Wednesday, 14 February 2018

Ceisteanna (29)

Clare Daly

Ceist:

29. Deputy Clare Daly asked the Minister for Communications, Climate Action and Environment if his Department will request that the EPA carry out an impact study on the effects of increased energy use and its implications for Ireland's obligations under the Paris Agreement (details supplied). [7246/18]

Amharc ar fhreagra

Freagraí scríofa (Ceist ar Communications)

The Environmental Protection Agency (EPA) is already tasked with producing annual projections of greenhouse gas emissions for Ireland, in collaboration with relevant State and other bodies.

A key input to these projections are annual forecasts of energy use, prepared each year by the Sustainable Energy Authority of Ireland (SEAI).

The 2009 Effort Sharing Decision (ESD) established binding annual greenhouse gas emissions targets for EU Member States for the period 2013 to 2020. These targets cover sectors of the economy that fall outside the scope of the EU Emissions Trading System, including transport, buildings, agriculture and waste management. For the year 2020 itself, the target set for Ireland is that emissions should be 20% below their level in 2005, which was jointly the most demanding reduction target allocated to EU Member States under this Decision.

The latest projections of greenhouse gas emissions, published by the EPA in April 2017, indicate that emissions from those sectors of the economy covered by Ireland's 2020 targets could be between 4% and 6% below 2005 levels by 2020. The projected shortfall to our targets in 2020 reflects both the constrained investment capacity over the past decade due to the economic crisis, and the extremely challenging nature of the target itself. In fact, it is now accepted that Ireland’s 2020 target was not consistent with what would be achievable on an EU wide cost-effective basis.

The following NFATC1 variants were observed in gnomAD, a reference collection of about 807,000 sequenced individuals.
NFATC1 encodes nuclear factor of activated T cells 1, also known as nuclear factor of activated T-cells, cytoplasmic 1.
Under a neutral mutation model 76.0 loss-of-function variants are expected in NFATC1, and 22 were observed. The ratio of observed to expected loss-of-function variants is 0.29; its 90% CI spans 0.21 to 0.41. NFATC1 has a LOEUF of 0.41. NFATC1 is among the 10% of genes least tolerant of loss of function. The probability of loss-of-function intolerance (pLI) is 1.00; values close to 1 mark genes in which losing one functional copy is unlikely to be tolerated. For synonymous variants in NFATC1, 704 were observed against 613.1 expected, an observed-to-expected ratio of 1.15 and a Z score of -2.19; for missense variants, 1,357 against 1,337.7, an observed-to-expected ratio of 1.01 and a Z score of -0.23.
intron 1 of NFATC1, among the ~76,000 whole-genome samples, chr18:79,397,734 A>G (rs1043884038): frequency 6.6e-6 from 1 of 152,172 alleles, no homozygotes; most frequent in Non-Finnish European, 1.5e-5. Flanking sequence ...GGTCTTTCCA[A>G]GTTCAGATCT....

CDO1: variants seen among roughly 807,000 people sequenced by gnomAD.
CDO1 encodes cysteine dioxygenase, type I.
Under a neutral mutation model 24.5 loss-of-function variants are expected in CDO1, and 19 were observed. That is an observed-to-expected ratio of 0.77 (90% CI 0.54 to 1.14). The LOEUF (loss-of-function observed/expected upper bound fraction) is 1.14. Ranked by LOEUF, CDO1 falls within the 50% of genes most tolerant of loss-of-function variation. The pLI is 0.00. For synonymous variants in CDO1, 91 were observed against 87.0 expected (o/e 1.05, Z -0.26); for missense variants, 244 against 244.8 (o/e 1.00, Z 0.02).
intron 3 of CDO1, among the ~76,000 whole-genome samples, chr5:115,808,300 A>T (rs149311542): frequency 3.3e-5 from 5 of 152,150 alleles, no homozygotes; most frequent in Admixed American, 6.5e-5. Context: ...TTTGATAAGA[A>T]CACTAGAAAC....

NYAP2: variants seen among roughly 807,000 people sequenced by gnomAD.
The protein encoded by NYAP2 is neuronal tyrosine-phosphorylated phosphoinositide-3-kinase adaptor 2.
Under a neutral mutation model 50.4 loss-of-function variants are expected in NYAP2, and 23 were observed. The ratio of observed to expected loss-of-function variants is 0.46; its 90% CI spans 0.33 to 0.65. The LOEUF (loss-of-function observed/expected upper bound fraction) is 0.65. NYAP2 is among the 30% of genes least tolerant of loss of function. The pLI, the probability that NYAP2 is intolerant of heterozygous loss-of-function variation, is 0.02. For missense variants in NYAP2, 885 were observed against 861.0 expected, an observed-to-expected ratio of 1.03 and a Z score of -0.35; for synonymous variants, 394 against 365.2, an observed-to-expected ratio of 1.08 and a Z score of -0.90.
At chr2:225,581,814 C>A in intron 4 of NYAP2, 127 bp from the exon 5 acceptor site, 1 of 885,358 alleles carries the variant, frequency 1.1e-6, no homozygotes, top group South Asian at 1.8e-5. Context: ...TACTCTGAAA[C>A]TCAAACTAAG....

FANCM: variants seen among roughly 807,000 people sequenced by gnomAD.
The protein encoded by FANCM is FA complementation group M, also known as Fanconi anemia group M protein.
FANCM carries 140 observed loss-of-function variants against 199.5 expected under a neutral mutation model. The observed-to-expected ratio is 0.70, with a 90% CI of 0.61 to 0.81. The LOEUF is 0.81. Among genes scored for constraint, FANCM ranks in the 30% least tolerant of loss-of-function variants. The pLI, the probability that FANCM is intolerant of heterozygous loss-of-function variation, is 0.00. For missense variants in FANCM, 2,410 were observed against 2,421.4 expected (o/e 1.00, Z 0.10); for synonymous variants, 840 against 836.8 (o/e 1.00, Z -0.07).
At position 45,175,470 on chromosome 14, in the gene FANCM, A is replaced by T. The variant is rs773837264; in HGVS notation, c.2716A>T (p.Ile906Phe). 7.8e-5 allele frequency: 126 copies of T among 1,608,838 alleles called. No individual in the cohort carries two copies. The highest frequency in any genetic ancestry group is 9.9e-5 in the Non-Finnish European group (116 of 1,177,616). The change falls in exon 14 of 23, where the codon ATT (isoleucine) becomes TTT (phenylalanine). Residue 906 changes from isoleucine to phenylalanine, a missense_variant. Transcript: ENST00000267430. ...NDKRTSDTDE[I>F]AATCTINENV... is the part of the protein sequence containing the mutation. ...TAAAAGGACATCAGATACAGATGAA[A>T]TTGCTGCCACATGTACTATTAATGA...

Concerning renewable energy, the EU Renewable Energy Directive 2009/28/EC set Ireland a legally binding target of meeting 16% of our energy demand from renewable sources by 2020. Ireland is committed to achieving this target through meeting 40% of electricity demand, 12% of heat and 10% of transport from renewable sources of energy, with the latter transport target also being legally binding. Meeting the 16% target remains challenging.

SEAI has reported that, in 2016, overall energy use increased by 3.7%, while the economy grew by 5.1%.  9.5% of Ireland's overall energy requirements in 2016 were met from renewable sources.  As regards Ireland’s renewable electricity target, renewable electricity accounted for 27.2% of total consumption by end 2016.  The SEAI's most recent forecast of Ireland’s compliance with its renewable energy targets (December 2017) is that Ireland will achieve between 13.2% and 15.4% of its 16% renewable energy target by 2020, indicating that Ireland should be between 82% to 96%  of the way to its target.

Ireland will contribute to the Paris Agreement via the Nationally Determined Contribution (NDC) tabled by the EU on behalf of its Member States, which commits to a reduction of at least 40% in EU-wide emissions by 2030 compared with 1990 levels.  This will be met through reductions of 43% in the Emission Trading System (ETS) and 30% in the non-ETS sector compared with 2005 levels.

Ireland's contribution to the overall 30% reduction in the non-ETS sector by 2030, as well as the contributions to be made by other Member States, will be established in the Effort Sharing Regulation (ESR) proposal, which will replace the current Effort Sharing Decision. In December 2017, the European Parliament and the Council reached a provisional agreement on the ESR proposal and I expect that this agreement to be shortly formally endorsed by both the European Parliament and Council. The final agreement sets a target of a 30% reduction in Ireland’s 2005 emissions by 2030, with a starting point of May 2019, based on average emissions over the period 2016 to 2018.